By Hugh Rawson
Incensed over what it views as a Western-Arab plot, Iran on Thursday threatened to sue Google for deleting the name Persian Gulf from its online mapping service and leaving the body of water nameless
– The New York Times, May 18, 2012
The poor Google mapmakers. They were caught in the middle of a political controversy and wound up with a “nameless” compromise that couldn’t have satisfied anybody.
The Iranians have always insisted that this body of water between Iran and Saudi Arabia be called the Persian Gulf. Meanwhile, the Saudis and other Arab states prefer to think of it as the Arabian Gulf or, simply, The Gulf. This is an old dispute that flares up from time to time. In 2010, it led to the cancellation of the Islamic Solidarity Games – the Olympics of the Muslim world, in effect. Because Iran, the host nation, insisted on using Persian Gulf in promotional materials about the games and on medals for events, the Arab states declined to participate. Of course, Iran itself is a relatively new name (since 1935) for the country that used to be known as Persia. To the outside observer, it is a wonder that the former Persians haven’t insisted on calling this strategically important body of water the Iranian Gulf.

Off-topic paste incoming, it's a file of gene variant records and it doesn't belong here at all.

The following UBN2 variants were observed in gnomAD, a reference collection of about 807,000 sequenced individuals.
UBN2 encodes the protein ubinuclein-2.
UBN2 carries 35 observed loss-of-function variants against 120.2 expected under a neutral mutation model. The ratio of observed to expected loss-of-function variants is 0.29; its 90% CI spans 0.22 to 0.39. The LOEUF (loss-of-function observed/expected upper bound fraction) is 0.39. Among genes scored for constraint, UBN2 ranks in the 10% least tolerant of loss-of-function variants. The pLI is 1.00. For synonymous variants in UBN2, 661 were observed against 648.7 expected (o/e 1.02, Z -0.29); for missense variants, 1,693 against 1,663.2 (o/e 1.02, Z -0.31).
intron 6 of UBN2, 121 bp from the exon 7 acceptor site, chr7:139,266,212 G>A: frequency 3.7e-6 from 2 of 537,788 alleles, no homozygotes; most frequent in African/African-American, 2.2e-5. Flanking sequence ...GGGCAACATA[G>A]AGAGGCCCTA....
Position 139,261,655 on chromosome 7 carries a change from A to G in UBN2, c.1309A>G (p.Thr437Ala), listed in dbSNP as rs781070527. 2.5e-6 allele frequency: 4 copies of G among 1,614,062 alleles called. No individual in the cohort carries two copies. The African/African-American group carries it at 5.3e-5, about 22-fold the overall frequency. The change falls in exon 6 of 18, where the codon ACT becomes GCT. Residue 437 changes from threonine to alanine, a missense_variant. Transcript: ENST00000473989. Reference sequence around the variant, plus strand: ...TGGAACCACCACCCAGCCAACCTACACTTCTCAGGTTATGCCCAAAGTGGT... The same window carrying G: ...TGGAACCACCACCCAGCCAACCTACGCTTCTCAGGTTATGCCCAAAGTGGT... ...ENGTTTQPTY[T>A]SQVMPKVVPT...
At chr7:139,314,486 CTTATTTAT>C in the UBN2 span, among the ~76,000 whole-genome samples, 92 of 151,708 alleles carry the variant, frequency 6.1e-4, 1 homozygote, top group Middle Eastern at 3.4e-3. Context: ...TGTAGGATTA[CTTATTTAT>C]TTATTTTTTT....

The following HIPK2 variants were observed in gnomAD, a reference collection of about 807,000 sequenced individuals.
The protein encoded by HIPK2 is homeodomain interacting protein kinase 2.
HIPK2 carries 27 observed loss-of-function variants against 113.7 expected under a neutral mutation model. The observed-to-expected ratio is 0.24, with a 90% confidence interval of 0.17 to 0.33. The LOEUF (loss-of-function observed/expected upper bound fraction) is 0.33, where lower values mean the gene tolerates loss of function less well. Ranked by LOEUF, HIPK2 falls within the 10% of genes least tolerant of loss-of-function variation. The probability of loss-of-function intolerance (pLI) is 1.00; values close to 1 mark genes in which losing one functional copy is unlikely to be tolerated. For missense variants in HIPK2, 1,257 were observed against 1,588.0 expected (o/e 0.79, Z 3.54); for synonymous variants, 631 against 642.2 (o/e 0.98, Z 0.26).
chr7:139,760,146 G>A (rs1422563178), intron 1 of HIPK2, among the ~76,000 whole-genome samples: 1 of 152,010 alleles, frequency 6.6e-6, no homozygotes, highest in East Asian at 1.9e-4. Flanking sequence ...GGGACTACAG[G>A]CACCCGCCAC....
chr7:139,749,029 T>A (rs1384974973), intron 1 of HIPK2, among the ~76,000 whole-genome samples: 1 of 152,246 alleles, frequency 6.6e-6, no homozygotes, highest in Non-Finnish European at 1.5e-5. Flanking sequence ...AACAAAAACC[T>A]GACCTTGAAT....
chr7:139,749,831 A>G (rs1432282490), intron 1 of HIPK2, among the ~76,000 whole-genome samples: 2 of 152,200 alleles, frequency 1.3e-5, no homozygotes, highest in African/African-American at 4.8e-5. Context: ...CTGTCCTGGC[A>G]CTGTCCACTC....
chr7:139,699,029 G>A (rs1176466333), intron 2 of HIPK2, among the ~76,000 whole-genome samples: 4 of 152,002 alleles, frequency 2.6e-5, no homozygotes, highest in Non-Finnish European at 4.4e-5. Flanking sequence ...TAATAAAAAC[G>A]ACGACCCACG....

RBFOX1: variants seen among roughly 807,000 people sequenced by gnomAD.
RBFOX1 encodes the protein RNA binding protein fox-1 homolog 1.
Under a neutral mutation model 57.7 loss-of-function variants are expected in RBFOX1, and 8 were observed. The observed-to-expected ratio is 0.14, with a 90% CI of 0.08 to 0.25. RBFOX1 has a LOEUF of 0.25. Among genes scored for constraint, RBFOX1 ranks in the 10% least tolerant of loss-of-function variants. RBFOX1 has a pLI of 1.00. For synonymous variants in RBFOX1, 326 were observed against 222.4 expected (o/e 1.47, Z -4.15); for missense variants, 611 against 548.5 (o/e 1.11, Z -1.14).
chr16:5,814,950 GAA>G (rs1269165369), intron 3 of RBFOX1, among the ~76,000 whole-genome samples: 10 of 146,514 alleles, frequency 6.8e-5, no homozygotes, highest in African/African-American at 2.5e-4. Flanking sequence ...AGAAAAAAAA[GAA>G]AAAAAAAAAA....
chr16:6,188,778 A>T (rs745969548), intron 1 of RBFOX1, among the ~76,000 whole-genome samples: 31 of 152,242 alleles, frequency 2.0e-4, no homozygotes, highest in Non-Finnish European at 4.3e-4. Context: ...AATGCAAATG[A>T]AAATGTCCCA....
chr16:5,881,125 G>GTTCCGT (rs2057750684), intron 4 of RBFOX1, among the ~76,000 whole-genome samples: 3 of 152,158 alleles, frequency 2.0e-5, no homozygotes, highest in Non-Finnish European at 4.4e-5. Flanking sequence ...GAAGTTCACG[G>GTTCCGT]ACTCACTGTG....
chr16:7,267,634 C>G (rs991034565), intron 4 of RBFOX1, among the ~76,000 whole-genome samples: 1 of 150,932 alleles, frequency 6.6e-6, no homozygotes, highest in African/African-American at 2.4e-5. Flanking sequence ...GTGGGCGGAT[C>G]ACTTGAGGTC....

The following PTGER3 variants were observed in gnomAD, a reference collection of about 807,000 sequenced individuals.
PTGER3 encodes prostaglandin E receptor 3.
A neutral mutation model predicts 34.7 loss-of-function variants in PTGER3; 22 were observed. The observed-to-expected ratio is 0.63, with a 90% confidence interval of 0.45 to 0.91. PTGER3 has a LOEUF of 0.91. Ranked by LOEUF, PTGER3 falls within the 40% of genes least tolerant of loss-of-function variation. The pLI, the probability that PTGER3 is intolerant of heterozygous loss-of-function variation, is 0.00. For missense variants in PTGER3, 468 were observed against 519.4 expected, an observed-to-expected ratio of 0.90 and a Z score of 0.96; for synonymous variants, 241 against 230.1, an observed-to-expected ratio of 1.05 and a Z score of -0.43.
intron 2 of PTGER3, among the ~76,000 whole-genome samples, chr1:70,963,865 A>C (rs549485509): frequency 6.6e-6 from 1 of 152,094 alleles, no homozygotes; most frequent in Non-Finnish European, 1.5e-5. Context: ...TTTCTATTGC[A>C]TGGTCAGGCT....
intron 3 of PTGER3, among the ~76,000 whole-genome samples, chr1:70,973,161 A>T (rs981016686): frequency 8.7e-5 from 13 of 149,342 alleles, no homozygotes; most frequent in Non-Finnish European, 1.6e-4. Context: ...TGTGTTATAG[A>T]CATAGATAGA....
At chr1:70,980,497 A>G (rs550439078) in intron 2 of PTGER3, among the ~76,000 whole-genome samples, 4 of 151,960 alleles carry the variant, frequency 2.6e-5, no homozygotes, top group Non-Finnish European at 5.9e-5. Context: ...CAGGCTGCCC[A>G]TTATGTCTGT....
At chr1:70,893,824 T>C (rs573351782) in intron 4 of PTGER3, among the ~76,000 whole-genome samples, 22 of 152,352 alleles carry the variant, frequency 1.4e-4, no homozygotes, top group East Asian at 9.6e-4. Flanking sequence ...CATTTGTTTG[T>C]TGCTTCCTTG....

Arguments about place names crop up regularly all around the world. Many Israelis refer to the West Bank, the land between Israel and Jordan, as Samaria and Judea, thus drawing on biblical authority to support their claim to the territory. Argentina has not given up its claim to the Malvinas, but as long as this group of islands in the south Atlantic is controlled by Great Britain, they are likely to be known to most of the rest of the world as the Falklands. Then there is Myanmar, the name adopted by the generals who seized power in Burma in 1988. Despite the easing of repression in that country, the United States still refuses as a matter of policy to use the regime‘s own name for its nation. Thus, after meeting with Myanmar’s foreign minister this past May 17, Secretary of State Hilary Clinton said, “So today we say to American business: Invest in Burma.”